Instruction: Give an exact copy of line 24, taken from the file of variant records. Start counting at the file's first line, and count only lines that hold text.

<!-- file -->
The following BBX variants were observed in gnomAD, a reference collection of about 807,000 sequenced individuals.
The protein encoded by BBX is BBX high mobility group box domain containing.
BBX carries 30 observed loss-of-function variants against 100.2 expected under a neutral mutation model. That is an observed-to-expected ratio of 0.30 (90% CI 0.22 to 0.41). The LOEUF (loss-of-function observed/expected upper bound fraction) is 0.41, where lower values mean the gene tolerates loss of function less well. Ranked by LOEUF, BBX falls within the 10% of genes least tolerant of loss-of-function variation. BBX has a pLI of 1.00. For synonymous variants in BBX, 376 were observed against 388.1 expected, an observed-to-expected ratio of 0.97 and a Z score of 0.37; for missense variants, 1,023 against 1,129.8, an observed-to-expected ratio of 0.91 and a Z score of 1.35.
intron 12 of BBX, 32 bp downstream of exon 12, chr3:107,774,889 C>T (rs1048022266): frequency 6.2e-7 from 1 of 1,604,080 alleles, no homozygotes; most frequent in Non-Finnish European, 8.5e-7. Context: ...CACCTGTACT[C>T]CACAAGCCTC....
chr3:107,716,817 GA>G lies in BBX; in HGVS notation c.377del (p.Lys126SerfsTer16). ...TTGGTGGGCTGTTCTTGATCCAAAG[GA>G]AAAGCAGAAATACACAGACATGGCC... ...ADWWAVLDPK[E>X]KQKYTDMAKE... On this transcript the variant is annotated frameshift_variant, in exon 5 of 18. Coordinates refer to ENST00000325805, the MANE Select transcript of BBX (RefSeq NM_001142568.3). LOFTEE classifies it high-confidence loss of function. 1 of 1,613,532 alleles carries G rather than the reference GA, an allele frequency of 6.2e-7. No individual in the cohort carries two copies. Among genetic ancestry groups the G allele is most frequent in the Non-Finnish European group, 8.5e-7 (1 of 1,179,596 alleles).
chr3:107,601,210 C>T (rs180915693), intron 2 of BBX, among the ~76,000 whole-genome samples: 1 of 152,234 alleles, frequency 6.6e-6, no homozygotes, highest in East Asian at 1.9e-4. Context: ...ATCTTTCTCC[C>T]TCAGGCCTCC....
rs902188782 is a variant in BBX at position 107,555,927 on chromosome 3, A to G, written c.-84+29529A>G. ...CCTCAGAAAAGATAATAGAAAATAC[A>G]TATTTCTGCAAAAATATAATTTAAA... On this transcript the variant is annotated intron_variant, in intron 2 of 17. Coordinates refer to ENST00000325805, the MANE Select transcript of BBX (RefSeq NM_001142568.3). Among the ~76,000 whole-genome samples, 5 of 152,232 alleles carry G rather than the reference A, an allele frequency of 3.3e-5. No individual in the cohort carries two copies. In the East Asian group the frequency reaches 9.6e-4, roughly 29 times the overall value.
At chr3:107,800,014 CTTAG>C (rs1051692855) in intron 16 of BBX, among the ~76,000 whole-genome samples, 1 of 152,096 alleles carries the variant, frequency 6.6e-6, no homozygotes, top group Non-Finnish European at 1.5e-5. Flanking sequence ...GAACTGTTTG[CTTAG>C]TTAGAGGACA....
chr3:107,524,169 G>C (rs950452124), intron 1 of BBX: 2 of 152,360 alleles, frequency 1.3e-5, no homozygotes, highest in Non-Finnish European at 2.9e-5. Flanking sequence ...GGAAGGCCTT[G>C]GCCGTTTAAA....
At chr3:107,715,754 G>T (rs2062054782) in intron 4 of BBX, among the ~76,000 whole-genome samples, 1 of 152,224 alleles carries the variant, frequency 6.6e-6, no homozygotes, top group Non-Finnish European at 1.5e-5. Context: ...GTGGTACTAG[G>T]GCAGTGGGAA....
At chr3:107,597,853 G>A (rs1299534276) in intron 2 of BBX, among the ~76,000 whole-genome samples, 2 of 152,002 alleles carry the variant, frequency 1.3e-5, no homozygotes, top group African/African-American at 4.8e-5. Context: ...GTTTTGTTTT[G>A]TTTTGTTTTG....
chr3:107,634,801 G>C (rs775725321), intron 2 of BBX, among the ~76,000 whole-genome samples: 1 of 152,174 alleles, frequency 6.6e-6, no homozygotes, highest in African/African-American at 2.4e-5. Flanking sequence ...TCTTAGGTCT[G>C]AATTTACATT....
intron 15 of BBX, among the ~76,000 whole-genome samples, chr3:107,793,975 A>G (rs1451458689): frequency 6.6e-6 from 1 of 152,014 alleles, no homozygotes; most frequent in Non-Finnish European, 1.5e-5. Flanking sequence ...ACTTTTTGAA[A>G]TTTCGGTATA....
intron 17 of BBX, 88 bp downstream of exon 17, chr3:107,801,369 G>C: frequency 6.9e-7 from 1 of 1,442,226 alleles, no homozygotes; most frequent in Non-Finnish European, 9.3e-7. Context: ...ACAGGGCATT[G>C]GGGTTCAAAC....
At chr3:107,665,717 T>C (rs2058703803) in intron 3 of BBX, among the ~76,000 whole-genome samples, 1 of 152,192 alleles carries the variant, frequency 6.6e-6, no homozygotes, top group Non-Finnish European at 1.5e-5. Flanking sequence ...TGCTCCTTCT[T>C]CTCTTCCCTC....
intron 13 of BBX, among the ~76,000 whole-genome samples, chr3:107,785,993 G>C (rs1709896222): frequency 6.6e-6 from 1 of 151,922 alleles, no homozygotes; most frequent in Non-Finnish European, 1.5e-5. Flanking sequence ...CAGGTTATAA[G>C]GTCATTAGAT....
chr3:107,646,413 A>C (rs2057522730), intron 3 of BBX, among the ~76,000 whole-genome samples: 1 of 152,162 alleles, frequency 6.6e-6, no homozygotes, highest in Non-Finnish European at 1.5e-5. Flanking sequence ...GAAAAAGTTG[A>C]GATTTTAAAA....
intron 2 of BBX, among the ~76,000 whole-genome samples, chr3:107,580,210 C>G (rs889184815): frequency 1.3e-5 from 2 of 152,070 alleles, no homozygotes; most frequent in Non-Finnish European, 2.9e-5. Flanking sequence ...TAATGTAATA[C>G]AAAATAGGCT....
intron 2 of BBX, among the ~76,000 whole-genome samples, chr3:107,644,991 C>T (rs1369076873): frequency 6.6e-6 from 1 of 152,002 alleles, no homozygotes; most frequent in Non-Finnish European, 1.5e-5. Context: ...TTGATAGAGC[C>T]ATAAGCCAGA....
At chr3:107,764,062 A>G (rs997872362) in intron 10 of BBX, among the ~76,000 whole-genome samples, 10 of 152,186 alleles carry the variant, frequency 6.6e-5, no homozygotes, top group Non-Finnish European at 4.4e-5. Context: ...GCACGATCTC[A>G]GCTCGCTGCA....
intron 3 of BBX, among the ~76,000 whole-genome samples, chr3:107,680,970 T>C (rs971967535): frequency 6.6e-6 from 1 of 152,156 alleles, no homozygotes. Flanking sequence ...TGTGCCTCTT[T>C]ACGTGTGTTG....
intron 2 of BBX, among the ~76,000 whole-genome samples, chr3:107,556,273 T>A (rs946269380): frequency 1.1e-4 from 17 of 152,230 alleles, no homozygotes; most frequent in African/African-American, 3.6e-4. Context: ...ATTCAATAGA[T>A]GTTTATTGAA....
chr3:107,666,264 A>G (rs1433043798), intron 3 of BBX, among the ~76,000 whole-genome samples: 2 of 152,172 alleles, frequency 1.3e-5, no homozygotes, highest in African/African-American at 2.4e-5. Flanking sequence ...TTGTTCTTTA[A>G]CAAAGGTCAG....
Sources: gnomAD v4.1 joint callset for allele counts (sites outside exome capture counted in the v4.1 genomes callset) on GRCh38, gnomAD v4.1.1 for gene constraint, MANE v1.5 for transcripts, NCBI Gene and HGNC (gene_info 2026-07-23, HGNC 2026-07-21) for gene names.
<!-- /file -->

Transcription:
Sources: gnomAD v4.1 joint callset for allele counts (sites outside exome capture counted in the v4.1 genomes callset) on GRCh38, gnomAD v4.1.1 for gene constraint, MANE v1.5 for transcripts, NCBI Gene and HGNC (gene_info 2026-07-23, HGNC 2026-07-21) for gene names.